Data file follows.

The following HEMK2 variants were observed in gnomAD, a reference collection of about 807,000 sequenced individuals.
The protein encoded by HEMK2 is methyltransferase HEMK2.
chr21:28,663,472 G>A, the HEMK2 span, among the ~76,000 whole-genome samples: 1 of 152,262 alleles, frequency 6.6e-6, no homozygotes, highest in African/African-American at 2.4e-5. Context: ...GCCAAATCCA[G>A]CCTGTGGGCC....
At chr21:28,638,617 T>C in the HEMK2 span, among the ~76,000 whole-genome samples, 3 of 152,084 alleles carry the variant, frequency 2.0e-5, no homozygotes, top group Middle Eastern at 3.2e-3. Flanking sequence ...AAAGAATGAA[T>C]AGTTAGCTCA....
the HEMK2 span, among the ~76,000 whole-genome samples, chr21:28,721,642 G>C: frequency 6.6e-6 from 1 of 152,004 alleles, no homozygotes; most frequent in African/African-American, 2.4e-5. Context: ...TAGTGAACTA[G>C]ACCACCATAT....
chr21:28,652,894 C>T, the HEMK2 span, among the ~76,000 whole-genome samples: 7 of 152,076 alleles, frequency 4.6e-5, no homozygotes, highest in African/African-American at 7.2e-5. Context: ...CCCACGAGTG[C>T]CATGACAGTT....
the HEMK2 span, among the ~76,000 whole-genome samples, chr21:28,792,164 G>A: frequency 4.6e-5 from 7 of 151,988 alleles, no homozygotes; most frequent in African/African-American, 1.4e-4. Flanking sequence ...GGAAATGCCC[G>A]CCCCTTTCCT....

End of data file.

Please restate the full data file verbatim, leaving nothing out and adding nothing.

The following HEMK2 variants were observed in gnomAD, a reference collection of about 807,000 sequenced individuals.
The protein encoded by HEMK2 is methyltransferase HEMK2.
chr21:28,663,472 G>A, the HEMK2 span, among the ~76,000 whole-genome samples: 1 of 152,262 alleles, frequency 6.6e-6, no homozygotes, highest in African/African-American at 2.4e-5. Context: ...GCCAAATCCA[G>A]CCTGTGGGCC....
At chr21:28,638,617 T>C in the HEMK2 span, among the ~76,000 whole-genome samples, 3 of 152,084 alleles carry the variant, frequency 2.0e-5, no homozygotes, top group Middle Eastern at 3.2e-3. Flanking sequence ...AAAGAATGAA[T>C]AGTTAGCTCA....
the HEMK2 span, among the ~76,000 whole-genome samples, chr21:28,721,642 G>C: frequency 6.6e-6 from 1 of 152,004 alleles, no homozygotes; most frequent in African/African-American, 2.4e-5. Context: ...TAGTGAACTA[G>C]ACCACCATAT....
chr21:28,652,894 C>T, the HEMK2 span, among the ~76,000 whole-genome samples: 7 of 152,076 alleles, frequency 4.6e-5, no homozygotes, highest in African/African-American at 7.2e-5. Context: ...CCCACGAGTG[C>T]CATGACAGTT....
the HEMK2 span, among the ~76,000 whole-genome samples, chr21:28,792,164 G>A: frequency 4.6e-5 from 7 of 151,988 alleles, no homozygotes; most frequent in African/African-American, 1.4e-4. Flanking sequence ...GGAAATGCCC[G>A]CCCCTTTCCT....